“Well,” mused her mother, “there’s always your grandmother’s wedding dress.”

“Mom,” Crystal groaned, “I can’t wear that thing! It’s so old fashioned!”

“Well, Crys,” Mom said, picking up her book again, “you’re eighteen now, so I can’t make your decisions for you. However, let me just say this. Whatever you wear as homecoming queen will tell anyone who sees you who you are and what you stand for. Keep that in mind when you choose your outfit.” With that, Mom returned to her book.

Crystal went to her room and flopped onto her bed. Weren’t mothers supposed to help their children in stressful situations? Did she call this help? Then again, there was a bit of a bright side. She didn’t have to find a date. Tad Germaine had been selected as Homecoming King and they were being picked up for the homecoming game in a stretch limousine. Tad Germaine was THE most popular boy at Kennedy High School. Crystal had often admired him from afar, but she’d never so much as entertained the possibility of going to homecoming with him. Now that the student body had more or less sewn that up for her, she really wanted to make an impression on him so that, maybe, he’d ask her out himself.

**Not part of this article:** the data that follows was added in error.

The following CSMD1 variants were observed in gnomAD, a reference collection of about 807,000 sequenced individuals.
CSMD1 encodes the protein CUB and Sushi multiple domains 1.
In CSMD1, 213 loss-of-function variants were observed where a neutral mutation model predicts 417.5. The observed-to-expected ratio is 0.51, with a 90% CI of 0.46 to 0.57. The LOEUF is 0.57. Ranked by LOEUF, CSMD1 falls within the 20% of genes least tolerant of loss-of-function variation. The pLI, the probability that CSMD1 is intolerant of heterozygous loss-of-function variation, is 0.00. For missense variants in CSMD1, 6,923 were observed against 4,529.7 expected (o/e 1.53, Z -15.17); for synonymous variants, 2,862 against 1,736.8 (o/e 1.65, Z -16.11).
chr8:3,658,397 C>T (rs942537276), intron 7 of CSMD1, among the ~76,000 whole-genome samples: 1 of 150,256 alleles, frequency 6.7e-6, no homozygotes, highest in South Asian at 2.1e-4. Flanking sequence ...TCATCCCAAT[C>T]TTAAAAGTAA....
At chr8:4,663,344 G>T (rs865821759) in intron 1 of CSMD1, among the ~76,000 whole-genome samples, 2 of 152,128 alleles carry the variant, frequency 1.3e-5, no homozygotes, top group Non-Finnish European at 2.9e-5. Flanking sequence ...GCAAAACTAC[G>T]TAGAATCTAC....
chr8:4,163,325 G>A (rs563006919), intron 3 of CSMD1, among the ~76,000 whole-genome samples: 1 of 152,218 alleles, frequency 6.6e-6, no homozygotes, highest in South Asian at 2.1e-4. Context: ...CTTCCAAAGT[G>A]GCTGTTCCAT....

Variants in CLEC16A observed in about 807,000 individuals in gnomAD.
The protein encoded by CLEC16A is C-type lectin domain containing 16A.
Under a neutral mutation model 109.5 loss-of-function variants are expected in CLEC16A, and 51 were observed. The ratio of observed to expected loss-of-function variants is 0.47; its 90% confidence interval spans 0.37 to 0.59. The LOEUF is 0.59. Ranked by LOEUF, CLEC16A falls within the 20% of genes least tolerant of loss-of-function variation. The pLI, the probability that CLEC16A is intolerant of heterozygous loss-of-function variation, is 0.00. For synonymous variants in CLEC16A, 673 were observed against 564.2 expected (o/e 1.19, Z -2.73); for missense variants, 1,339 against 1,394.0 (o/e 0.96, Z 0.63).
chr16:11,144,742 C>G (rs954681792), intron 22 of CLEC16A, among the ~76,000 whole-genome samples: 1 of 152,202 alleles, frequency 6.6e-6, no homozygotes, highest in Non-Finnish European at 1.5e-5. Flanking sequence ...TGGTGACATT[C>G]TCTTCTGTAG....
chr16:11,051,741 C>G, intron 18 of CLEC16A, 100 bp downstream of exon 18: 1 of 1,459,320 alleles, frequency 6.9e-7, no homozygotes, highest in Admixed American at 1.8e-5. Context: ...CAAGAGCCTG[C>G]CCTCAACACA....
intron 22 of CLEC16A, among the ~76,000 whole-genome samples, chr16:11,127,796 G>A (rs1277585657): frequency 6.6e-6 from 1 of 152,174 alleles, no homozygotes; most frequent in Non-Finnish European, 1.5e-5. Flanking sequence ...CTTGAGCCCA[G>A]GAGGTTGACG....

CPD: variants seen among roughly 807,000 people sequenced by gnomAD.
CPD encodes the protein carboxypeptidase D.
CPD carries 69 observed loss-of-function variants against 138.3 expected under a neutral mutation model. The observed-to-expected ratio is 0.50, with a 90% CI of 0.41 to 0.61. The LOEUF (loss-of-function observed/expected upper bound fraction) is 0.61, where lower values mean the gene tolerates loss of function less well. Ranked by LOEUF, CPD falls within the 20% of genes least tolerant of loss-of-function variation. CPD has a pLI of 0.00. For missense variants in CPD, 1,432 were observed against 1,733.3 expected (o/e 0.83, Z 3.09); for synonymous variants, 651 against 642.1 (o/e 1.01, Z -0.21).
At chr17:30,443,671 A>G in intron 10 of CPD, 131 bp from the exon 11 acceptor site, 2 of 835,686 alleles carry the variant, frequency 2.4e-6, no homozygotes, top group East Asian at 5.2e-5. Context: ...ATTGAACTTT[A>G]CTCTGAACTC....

Sitting up, Crystal went to her desk and pulled out her bank book. In her savings account was money her parents and grandparents had been socking away for college since she was just a little girl. She’d begun adding to the account herself when she was twelve and, looking at the little book, she saw that she had a pretty sizable amount of money in there. She supposed she could probably take it all out and buy an outfit for herself that would knock Tad’s socks clean off and make Lisa Garfield and Harmony Jacobsen look so uninteresting in their expensive couture gowns, but then she’d be more or less sacrificing college for the sake of a single once-in-a-lifetime opportunity. She was sure her parents would be disappointed, whatever her mother said.